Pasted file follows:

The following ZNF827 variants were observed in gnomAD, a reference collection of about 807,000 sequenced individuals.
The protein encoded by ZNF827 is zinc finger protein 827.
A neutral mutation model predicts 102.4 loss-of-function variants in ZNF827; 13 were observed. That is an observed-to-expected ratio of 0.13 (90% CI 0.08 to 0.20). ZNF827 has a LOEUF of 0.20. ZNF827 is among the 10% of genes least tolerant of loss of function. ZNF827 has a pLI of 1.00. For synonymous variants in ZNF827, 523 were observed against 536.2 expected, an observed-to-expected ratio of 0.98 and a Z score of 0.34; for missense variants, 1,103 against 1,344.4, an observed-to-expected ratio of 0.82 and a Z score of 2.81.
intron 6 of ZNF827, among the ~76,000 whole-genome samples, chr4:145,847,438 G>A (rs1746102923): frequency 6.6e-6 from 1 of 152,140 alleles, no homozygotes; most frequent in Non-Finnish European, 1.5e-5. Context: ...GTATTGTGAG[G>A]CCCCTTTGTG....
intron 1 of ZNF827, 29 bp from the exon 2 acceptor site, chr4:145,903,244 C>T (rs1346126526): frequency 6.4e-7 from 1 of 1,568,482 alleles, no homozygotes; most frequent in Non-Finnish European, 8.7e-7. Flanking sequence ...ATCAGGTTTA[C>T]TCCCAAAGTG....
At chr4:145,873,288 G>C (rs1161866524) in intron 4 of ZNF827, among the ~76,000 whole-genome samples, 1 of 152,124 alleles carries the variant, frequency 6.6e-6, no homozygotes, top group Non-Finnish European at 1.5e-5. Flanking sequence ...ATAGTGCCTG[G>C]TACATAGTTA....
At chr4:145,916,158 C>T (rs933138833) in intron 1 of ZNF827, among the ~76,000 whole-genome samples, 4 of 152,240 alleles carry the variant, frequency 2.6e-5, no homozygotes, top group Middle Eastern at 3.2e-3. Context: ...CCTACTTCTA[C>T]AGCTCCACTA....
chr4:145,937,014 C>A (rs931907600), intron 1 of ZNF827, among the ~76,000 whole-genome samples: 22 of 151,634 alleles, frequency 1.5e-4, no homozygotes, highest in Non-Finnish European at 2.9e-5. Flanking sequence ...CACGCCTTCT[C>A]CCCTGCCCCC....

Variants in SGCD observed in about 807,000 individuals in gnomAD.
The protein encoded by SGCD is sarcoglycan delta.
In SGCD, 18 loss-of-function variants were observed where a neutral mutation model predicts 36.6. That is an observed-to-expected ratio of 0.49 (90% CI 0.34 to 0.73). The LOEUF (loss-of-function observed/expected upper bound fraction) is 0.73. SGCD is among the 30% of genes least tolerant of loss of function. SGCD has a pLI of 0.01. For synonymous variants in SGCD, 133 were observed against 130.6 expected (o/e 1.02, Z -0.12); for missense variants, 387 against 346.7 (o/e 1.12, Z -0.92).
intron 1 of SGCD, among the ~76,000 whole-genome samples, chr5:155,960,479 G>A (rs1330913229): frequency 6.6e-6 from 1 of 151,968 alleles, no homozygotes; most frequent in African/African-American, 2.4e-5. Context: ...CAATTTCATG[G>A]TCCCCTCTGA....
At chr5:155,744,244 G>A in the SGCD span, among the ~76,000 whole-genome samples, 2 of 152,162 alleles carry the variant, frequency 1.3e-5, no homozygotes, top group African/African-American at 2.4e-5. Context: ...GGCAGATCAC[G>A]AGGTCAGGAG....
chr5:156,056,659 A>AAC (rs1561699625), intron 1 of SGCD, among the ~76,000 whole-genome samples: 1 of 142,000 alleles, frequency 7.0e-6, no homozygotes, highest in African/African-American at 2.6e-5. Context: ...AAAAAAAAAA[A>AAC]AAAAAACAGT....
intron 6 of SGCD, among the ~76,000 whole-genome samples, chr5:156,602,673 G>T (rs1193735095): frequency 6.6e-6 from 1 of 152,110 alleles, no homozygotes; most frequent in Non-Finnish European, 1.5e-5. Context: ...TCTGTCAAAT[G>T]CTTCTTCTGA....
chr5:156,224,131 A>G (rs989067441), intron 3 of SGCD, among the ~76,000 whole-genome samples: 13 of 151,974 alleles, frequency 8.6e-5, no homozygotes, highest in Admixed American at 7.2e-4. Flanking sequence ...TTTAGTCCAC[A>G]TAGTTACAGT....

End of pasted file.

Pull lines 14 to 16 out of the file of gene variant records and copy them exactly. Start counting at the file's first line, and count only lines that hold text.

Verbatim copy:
chr5:156,056,659 A>AAC (rs1561699625), intron 1 of SGCD, among the ~76,000 whole-genome samples: 1 of 142,000 alleles, frequency 7.0e-6, no homozygotes, highest in African/African-American at 2.6e-5. Context: ...AAAAAAAAAA[A>AAC]AAAAAACAGT....
intron 6 of SGCD, among the ~76,000 whole-genome samples, chr5:156,602,673 G>T (rs1193735095): frequency 6.6e-6 from 1 of 152,110 alleles, no homozygotes; most frequent in Non-Finnish European, 1.5e-5. Context: ...TCTGTCAAAT[G>T]CTTCTTCTGA....
chr5:156,224,131 A>G (rs989067441), intron 3 of SGCD, among the ~76,000 whole-genome samples: 13 of 151,974 alleles, frequency 8.6e-5, no homozygotes, highest in Admixed American at 7.2e-4. Flanking sequence ...TTTAGTCCAC[A>G]TAGTTACAGT....